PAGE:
_{s}= 1 and two values of m (m < 1 and m > 1) are shown in Figure 7. The plots also include the Weibull pdf (κ = 0) for comparison. For both m, lower N lead to a heavier right tail. For m = 2.5 the mode of the pdf moves to the right as N increases (for m = 0.7 the mode is at zero independently of N, since the distribution is zero-modal for m ≤ 1) [34]. To the right of the mode, higher N correspond, at first, to higher pdf values. This is reversed at a crossover point beyond which the lower-N pdfs exhibit slower power-law decay, i.e., lim

_{x→∞}f

_{κ}(x) ∝ x

^{−α}, where α = 1 + m/κ [34]. The crossover point occurs at ≈ 1.5x

_{s}for m = 2.5, whereas for m = 0.7 at ≈ 5 x

_{s}.

## 6. Conclusions

**PACS classifications:**02.50.-r; 02.50.Ey; 02.60.Ed; 89.20.-a; 89.60.-k

## Author Contributions

## Conflicts of Interest

## References

- Sornette, D. Critical Phenomena in Natural Sciences; Springer: Berlin, Germany, 2004. [Google Scholar]
- Gumbel, E.J. Les valeurs extrêmes des distributions statistiques. Annales de l’Institut Henri Poincaré
**1935**, 5, 115–158. [Google Scholar] - Weibull, W. A statistical distribution function of wide applicability. J. Appl. Mech.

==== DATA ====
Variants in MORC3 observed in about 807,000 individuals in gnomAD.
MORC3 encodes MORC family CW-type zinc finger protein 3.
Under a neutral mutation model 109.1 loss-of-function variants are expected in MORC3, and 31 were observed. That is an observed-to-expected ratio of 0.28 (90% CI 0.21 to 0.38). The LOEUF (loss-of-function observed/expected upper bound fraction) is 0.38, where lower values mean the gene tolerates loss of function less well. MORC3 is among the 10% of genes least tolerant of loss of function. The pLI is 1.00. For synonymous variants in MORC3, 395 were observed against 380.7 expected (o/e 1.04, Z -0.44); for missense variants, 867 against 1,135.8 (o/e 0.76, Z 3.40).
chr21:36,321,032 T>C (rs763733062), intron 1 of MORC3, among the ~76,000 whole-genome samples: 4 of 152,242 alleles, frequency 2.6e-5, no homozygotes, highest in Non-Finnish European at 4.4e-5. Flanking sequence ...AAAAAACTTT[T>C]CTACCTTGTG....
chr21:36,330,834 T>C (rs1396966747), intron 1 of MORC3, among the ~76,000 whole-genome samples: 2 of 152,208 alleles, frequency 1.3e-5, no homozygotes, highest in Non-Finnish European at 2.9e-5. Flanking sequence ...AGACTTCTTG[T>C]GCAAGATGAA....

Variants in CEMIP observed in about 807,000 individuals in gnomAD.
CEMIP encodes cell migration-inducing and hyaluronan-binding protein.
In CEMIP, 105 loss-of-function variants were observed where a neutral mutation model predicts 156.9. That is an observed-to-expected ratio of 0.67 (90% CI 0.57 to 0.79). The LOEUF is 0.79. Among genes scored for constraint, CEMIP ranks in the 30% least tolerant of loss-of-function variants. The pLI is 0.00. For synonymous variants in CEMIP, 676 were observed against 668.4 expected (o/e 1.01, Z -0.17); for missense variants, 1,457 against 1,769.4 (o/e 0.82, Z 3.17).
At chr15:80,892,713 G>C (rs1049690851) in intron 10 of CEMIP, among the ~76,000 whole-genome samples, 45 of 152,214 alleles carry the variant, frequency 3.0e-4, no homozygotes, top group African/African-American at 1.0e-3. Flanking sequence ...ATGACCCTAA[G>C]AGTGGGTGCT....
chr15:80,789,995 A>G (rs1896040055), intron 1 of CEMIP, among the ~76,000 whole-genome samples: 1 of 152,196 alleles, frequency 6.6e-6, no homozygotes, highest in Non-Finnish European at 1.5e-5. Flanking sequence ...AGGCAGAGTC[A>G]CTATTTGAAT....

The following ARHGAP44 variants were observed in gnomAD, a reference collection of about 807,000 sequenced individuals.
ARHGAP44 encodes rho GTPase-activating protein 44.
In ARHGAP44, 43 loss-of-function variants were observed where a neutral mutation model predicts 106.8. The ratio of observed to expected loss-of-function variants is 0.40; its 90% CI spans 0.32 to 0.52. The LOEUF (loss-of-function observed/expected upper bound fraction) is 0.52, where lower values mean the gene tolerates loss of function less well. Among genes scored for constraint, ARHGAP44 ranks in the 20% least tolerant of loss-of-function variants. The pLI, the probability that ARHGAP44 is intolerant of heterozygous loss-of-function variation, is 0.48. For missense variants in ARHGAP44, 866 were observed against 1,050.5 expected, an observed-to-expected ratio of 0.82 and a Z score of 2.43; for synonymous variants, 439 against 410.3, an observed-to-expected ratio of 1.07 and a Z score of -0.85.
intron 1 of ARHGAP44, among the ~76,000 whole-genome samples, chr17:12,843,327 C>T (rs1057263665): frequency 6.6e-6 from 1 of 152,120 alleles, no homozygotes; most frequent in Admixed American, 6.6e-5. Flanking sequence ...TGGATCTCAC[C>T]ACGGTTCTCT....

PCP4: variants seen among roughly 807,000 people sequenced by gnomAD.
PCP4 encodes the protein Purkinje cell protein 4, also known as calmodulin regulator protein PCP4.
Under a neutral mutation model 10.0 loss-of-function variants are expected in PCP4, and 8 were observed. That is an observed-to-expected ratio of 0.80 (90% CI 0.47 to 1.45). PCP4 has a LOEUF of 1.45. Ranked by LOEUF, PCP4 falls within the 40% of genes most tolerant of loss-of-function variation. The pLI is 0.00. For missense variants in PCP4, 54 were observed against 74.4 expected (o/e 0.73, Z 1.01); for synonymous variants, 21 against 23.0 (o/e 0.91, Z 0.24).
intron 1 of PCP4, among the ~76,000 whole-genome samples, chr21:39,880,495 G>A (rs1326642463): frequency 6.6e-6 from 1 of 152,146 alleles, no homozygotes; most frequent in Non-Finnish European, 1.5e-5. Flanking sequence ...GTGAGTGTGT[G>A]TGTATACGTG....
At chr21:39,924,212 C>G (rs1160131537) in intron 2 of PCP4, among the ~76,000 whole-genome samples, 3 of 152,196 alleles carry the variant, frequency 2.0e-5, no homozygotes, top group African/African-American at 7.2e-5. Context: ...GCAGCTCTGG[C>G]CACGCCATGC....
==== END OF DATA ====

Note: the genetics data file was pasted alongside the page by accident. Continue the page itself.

**1951**, 18, 293–297. [Google Scholar] - Eliazar, I.; Klafter, J. Randomized central limit theorems: A unified theory. Phys. Rev. E
**2010**, 82, 021122. [Google Scholar] - Barlow, R.E.; Proschan, F. Mathmatical Theory of Reliability; SIAM: Philadelphia, PA, USA, 1996. [Google Scholar]
- Hristopulos, D.T.; Uesaka, T. Structural disorder effects on the tensile strength distribution of heterogeneous brittle materials with emphasis on fiber networks. Phys. Rev. B
**2004**, 70, 064108. [Google Scholar] - Pang, S.D.; Bažant, Z.; Le, J.L. Statistics of strength of ceramics: Finite weakest-link model and necessity of zero threshold. Int. J. Fract.
**2008**, 154, 131–145. [Google Scholar] - Amaral, P.M.; Fernandes, J.C.; Rosa, L.G. Weibull statistical analysis of granite bending strength. Rock Mech. Rock Eng.